If you are a crypto investor or Web 3.0 enthusiast, filing for bankruptcy raises many questions about what you can keep and what needs to go toward debt repayment. Read our blog for more information about bankruptcy, cryptocurrency, and what crypto investors should know before filing.
What Is Cryptocurrency?
Investing is not limited to property or the stock market anymore. Now, prospective investors can put their money toward a new future where currency is not regulated by any government and increases in value exponentially. Cryptocurrency is an unregulated form of currency based on blockchain technology and is entirely virtual.
To understand crypto, it is important to have a basic understanding of blockchain technology. The blockchain is a database network that stores data in blocks chained together with code. In many ways, the blockchain is like a game of telephone. During telephone, one person creates a message and passes it on from person to person until the last person in the line says the message aloud.
In the blockchain, data is passed from one block to another. Each block has a designated storage capacity and when it reaches maximum capacity, new data is passed on through the chain to the next block and so on. All information stored in the blockchain is encrypted meaning it stays private unless a person has the encryption key.
Cryptocurrency is stored on the blockchain, and investors have wallets that store their crypto and are only accessible by a unique one-of-a-kind key. One of the drawbacks of cryptocurrency is that because it is not backed by a government entity, there is only a finite amount available to investors. There are no treasury departments to “print” more crypto.
While crypto is a valuable investment opportunity, the ebbs and flows can be detrimental to some investors leaving them with no choice but to file for bankruptcy. So, what happens to cryptocurrency during bankruptcy? Keep reading to find out.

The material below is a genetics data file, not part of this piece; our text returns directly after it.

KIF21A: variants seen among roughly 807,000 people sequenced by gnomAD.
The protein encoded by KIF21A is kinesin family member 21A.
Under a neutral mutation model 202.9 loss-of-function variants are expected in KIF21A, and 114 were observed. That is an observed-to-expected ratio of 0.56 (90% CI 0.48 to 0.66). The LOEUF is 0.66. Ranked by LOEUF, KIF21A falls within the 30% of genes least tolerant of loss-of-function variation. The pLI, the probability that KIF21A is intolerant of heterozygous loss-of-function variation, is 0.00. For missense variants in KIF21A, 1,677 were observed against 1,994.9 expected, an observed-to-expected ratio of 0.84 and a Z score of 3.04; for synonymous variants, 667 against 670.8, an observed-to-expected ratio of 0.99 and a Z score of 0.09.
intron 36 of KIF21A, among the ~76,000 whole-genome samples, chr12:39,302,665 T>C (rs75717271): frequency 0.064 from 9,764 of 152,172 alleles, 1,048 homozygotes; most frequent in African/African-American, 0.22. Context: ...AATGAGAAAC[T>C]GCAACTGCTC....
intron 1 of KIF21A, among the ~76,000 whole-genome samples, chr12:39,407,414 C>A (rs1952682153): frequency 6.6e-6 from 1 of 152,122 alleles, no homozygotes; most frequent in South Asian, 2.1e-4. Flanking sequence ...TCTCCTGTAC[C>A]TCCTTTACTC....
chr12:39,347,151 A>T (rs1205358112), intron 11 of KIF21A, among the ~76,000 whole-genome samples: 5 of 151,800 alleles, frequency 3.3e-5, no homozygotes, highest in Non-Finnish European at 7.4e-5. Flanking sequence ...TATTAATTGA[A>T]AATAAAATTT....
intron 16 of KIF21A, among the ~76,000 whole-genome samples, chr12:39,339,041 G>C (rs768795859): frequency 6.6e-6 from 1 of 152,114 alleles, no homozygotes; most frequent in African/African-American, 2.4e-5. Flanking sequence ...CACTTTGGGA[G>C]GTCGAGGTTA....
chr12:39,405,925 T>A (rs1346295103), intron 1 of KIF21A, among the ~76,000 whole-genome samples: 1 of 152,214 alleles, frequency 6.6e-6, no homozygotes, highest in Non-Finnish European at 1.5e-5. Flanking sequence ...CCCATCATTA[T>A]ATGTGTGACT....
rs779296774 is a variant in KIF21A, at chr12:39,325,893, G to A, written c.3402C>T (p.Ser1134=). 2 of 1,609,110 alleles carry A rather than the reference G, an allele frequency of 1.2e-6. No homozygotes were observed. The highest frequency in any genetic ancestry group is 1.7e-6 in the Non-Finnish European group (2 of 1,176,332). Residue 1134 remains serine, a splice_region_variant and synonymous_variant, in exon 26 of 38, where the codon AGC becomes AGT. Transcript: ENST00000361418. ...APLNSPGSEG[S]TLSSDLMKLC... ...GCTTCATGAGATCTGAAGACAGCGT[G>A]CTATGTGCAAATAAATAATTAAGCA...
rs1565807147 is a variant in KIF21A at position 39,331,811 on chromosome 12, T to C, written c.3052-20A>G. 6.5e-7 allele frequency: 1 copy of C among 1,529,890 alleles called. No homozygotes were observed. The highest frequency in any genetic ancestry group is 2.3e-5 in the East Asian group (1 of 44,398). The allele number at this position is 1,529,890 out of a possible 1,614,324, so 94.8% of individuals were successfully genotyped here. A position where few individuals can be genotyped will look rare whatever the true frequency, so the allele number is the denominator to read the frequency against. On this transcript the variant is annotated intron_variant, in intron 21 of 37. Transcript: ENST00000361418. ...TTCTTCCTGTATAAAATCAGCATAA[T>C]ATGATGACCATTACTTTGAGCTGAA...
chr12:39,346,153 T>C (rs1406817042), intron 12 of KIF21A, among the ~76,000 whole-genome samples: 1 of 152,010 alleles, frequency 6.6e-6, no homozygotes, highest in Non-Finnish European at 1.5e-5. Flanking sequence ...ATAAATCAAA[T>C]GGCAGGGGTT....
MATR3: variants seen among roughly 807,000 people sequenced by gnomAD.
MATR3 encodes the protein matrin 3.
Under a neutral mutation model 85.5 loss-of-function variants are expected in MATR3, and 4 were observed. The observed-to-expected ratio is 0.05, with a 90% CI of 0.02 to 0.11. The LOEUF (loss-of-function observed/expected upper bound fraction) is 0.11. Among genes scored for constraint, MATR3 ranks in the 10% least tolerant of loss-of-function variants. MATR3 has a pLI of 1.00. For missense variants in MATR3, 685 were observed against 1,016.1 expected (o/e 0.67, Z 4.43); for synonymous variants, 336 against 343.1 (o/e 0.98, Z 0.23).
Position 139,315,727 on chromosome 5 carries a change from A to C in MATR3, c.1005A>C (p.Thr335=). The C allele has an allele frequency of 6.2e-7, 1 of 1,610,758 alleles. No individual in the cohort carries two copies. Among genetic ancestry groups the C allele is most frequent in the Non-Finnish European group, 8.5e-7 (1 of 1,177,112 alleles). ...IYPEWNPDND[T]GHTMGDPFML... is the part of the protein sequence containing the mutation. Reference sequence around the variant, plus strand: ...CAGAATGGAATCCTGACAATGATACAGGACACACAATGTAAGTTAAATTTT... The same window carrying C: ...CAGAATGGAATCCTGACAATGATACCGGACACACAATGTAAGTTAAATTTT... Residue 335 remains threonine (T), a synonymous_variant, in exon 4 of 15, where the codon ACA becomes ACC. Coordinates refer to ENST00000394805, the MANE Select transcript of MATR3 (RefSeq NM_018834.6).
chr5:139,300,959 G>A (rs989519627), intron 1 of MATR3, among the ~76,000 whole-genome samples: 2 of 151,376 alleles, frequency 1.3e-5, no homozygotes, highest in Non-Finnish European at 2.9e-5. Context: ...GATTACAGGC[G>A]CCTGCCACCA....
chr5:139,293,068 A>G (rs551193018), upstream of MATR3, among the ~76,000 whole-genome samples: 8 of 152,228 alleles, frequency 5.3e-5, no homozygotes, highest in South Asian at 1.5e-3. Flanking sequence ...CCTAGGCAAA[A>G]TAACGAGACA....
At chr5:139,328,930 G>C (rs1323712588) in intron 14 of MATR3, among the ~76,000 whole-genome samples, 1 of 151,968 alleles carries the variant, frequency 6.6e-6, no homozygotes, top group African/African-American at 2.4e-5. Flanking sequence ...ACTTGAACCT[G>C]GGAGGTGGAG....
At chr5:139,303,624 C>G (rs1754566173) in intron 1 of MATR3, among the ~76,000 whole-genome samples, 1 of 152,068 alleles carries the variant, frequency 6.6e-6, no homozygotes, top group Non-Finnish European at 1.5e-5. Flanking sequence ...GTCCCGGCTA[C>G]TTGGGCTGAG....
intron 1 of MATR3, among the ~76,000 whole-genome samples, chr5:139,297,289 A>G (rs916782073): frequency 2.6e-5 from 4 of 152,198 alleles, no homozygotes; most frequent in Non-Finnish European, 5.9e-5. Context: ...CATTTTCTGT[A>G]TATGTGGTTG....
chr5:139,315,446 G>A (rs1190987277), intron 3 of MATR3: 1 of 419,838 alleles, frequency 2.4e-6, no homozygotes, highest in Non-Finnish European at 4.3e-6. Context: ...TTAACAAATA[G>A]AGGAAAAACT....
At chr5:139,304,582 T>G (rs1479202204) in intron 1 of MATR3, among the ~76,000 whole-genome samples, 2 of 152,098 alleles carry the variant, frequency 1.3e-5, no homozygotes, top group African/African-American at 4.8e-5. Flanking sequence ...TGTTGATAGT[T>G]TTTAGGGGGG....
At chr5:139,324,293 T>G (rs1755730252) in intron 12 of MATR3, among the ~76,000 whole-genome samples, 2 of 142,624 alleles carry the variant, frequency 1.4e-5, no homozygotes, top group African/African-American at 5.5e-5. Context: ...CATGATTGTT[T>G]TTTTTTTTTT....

When filing for bankruptcy, crypto investors could encounter loses during Chapter 7. Chapter 7 bankruptcy, also known as liquidation, involves assigning a trustee to the debtor so they can manage the liquidation of the estate. During this process, all the debtor’s property (including investments) into exempt and nonexempt property.
Exempt property is everything necessary to maintain a standard of living. This means that if the debtor commutes to work, they may be able to keep their car. Whatever is not necessary for maintaining a standard of living is typically put into the nonexempt category. Property that is nonexempt will be subject to liquidation.
For trustees, the challenge in cases is determining when the debtor began investing and how many transactions were made. When filing for bankruptcy the de tor must provide a comprehensive account of all of their assets including investment yields. However, in many cases, crypto transactions are not included in the Schedule or Statement of Financial Affairs. Because of this, the trustee must trace all transactions and review bank statements from Coinbase/BTC.
The difficulty with this process is that crypto transactions can be hard to uncover there is the risk that the debtor could be hiding assets within the web of the blockchain. The worst thing a debtor can do is hide assets from the bankruptcy court. It is always best to provide too much information than not enough.
Risks of Filing for Bankruptcy
For investors, there could be a lot to lose when filing for bankruptcy. In most cases, investment yield may not be exempt from liquidation. On the other hand, investment yield could also exempt the debtor from Chapter 7 altogether.
If a debtor has too much disposable income, they may not pass the means test and qualify for Chapter 7. Instead, they may file for Chapter 13 reorganization which would put their disposable income toward their debt. During reorganization, the debtor may be restricted by their ability to continue to trade and make a profit. Making more money while in bankruptcy can raise questions about why the debtor filed for bankruptcy and whether there is something else at play.
Tips for Crypto Investors Filing for Bankruptcy
When filing for bankruptcy, there are many factors that can impact a case. The most important tip for crypto investors is to be as honest as possible about their investments. When the trustee and the court have all the information they need, they can help the debtor resolve their debt without the need for further investigation.
Another thing to keep in mind, is that preparation is key. Filing for bankruptcy is not easy and getting ready to file takes time and lots of planning and preparation. Debtors must provide a plethora of documentation to the bankruptcy court.To ensure that all your affairs are in order, you must enlist the help of a qualified attorney. The Law Office of Seni Popat, P.C. can assist crypto investors with their bankruptcy case. Contact our firm today for more information.